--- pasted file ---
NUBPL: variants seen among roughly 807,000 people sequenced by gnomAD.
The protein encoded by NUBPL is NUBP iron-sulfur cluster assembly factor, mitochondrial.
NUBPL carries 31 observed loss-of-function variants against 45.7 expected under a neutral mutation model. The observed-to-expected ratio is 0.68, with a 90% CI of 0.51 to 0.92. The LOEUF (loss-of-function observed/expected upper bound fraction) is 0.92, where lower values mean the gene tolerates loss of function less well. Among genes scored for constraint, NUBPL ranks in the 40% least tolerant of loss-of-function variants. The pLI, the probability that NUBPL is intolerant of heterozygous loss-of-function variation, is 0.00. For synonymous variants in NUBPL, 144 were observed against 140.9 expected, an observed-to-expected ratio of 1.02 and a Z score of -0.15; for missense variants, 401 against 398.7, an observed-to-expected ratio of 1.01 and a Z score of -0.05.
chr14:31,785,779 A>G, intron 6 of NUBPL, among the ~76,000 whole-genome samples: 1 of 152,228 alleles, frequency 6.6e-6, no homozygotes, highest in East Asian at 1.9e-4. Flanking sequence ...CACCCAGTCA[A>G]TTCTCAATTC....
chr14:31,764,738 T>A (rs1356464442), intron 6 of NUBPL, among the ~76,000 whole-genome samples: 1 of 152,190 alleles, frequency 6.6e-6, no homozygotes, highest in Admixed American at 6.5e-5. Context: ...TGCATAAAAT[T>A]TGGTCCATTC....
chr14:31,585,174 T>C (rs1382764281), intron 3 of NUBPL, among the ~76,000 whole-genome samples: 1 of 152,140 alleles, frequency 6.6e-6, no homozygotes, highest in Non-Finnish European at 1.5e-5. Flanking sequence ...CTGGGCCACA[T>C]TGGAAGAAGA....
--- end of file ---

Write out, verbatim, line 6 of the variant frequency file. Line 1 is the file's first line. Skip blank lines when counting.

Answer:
chr14:31,585,174 T>C (rs1382764281), intron 3 of NUBPL, among the ~76,000 whole-genome samples: 1 of 152,140 alleles, frequency 6.6e-6, no homozygotes, highest in Non-Finnish European at 1.5e-5. Flanking sequence ...CTGGGCCACA[T>C]TGGAAGAAGA....